Top Stories / 2017 Elections
Thursday, 15 Dec 2016 13:09 EAT
CORD leader Raila Odinga's long time political ally John Kiema has shifted his political base from Makueni County to Nairobi. The politician, who for years tried to capture the Kibwezi parliamentary seat, has launched his campaign for the Lang’ata seat in Nairobi in what he and other Kamba activists project as part of the community's effort to increase their presence in the capital. The Kamba are one of the top four tribes in Nairobi by voter numbers, but, from a peak in the 60s, their representation has lagged compared to the Kikuyu, Luo and Luyia groups.
The ODM member has disseminated campaign materials including calendars and says he is all set to face others for the seat in the forthcoming polls. A Facebook post announcing Mr Kiema's intention sparked a vibrant debate among his supporters, primarily those from Kibwezi and the larger Kamba community who demanded explanation for the candidate's change of political base. Mr Kiema wrote curtly: "We (the Kamba community) need seats in Nairobi and Mombasa. Kibwezi will always elect a Kamba”.
The Lang’ata seat is currently held by Joash Olum also of ODM, whom Mr Kiema would face during the party’s nominations. Mr Kiema has had close ties with the Odinga family for decades and has tried to capture the Kibwezi seat since 1992 onset of multiparty politics. That year, Mr Kiema, running on the Ford-Kenya party of Mr Odinga's father, lost to Mrs Agnes Ndetei on the DP ticket.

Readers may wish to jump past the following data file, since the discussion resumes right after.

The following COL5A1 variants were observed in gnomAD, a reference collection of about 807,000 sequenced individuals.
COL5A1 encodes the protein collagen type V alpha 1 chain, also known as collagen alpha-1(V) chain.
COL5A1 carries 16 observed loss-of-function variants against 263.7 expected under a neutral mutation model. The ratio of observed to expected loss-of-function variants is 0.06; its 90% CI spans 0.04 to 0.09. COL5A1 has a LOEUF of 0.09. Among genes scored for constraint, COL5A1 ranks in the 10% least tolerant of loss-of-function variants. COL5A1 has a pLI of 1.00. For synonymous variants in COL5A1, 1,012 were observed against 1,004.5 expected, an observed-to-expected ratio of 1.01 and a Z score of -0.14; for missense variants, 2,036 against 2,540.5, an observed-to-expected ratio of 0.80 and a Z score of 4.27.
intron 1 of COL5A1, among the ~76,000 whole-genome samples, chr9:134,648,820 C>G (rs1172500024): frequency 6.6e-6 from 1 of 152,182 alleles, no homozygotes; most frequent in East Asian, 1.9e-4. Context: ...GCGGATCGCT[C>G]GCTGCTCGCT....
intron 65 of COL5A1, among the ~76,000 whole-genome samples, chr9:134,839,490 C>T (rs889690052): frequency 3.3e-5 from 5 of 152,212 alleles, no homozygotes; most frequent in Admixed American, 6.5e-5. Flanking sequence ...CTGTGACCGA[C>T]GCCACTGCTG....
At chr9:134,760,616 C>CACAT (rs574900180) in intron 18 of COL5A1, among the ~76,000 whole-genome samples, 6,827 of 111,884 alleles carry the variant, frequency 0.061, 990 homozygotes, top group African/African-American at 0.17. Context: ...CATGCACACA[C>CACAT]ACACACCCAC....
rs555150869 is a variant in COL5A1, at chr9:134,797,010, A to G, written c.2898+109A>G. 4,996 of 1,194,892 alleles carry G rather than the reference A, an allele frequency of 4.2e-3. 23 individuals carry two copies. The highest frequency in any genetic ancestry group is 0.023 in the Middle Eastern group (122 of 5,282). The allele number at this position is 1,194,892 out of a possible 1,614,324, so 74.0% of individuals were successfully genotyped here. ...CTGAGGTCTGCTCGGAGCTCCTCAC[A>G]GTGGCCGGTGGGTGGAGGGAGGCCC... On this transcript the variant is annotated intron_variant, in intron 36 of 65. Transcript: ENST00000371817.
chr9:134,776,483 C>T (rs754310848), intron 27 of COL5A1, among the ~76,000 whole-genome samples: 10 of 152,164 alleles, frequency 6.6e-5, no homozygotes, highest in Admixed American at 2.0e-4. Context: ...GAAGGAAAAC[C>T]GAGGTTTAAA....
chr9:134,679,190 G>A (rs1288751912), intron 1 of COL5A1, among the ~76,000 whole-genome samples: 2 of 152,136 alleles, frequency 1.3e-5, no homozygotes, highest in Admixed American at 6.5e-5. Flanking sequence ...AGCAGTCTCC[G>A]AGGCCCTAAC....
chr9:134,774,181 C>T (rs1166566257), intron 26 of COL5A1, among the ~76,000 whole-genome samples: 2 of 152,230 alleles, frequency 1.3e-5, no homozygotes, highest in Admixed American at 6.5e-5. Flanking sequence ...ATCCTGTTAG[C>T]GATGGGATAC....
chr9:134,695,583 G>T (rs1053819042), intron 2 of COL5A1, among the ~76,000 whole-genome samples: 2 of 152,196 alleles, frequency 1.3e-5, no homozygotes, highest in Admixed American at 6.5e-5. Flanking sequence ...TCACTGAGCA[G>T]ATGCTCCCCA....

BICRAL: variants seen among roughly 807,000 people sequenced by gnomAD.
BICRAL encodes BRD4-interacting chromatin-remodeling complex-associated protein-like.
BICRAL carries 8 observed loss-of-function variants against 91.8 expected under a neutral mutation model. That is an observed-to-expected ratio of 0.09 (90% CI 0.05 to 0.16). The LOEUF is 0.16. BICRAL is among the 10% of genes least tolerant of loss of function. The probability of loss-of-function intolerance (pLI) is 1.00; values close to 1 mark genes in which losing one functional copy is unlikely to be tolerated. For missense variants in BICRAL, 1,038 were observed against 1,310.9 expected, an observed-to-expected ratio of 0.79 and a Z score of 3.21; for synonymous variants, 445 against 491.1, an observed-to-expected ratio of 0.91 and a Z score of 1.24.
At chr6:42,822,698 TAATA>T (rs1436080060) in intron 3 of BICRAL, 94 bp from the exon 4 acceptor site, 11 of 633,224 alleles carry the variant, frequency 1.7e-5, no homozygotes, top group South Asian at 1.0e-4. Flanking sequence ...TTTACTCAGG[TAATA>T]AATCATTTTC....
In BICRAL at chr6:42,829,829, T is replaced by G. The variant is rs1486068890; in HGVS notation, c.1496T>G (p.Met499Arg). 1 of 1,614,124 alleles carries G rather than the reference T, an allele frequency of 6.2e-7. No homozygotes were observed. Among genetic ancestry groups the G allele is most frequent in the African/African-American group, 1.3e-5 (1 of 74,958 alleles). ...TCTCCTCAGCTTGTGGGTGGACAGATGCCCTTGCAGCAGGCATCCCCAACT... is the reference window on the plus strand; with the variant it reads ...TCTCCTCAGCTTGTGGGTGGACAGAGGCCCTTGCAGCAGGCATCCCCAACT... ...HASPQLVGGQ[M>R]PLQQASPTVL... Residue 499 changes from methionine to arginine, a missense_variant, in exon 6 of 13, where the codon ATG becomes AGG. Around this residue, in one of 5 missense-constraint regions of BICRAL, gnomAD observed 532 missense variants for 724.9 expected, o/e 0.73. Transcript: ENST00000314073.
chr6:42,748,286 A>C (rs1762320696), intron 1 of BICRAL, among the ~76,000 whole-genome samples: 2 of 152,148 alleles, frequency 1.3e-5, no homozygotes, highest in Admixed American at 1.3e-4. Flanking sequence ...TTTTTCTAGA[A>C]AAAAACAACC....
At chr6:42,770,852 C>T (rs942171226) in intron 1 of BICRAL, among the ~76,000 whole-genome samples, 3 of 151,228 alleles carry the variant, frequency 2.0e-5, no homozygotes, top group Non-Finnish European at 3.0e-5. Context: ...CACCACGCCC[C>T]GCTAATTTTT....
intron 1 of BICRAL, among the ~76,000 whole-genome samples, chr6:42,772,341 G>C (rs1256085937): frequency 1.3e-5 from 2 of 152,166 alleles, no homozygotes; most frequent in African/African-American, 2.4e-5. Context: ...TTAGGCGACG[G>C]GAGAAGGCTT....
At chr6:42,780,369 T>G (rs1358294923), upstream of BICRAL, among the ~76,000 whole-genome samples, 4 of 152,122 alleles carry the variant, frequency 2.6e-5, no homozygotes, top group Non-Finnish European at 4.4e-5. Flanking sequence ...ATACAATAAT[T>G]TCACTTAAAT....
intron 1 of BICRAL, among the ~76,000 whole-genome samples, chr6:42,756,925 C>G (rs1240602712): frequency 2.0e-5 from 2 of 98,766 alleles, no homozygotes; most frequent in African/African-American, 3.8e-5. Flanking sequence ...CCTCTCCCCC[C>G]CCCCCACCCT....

He ran again in 1997, this time on Mr Odinga's National Development Party ticket, and lost to Mr Onesmus Mboko of SDP. In 2002, he lost to Mr Richard Kalembe Ndile of NARC. In 2007, the seat was captured by Professor Philip Kaloki on ODM-K ticket. In the 2013 general elections, the larger Kibwezi constituency was split into two Kibwezi East and Kibwezi West, currently held by Jessica Mbalu (Wiper Democratic Movement-Kenya) and Patrick Musimba (Independent) respectively. Mr Kiema had contested in Kibwezi West, on the ODM ticket.
Between his running for elective office, Mr Kiema served in 1997 as the executive director of Mr Odinga's party, NDP, which the latter had founded following his resignation from Ford-Kenya of his father. When NDP merged with Kanu in 2002, he was appointed by Mr Odinga to various coalition committees.
The politician's shift to Nairobi is part of a new effort by Kamba leaders to revive their historical role in Nairobi, where Kambas competed for elected office alongside Luos, Kikuyus and later Luyias. At independence, the fiery J.D Kali, an ally of Jaramogi Oginga Odinga, won the Embakasi parliamentary seat (then called Nairobi East), and Kambas held sizable civic seats. Samuel Kivuitu won the Parklands (Westlands) seat in 1969.
However, the founding president Jomo Kenyatta's control of Kanu meant that elections were increasingly controlled, and following the 1974 elections all electoral seats in Nairobi were held by politicians from his Central Kenya backyard. The Kambas were to remain in the shadows until the restoration of multiparty politics in 1992, when Geroge Nthenge won the Kamukinji parliamentary seat. The only second Kamba politician to win parliamentary seat since 1992 was Mike Sonko in Makadara in the 2010 by-election.
As the Kenya Free Press reported exclusively in September, Kamba leaders feel they can leverage their numbers in CORD coalition by pushing candidates for selected parliamentary seats. The Wiper party is keen to have its supporters win Embakasi South, Embakasi East, Embakasi West and Embakasi Central as well as Makadara and Lang'ata.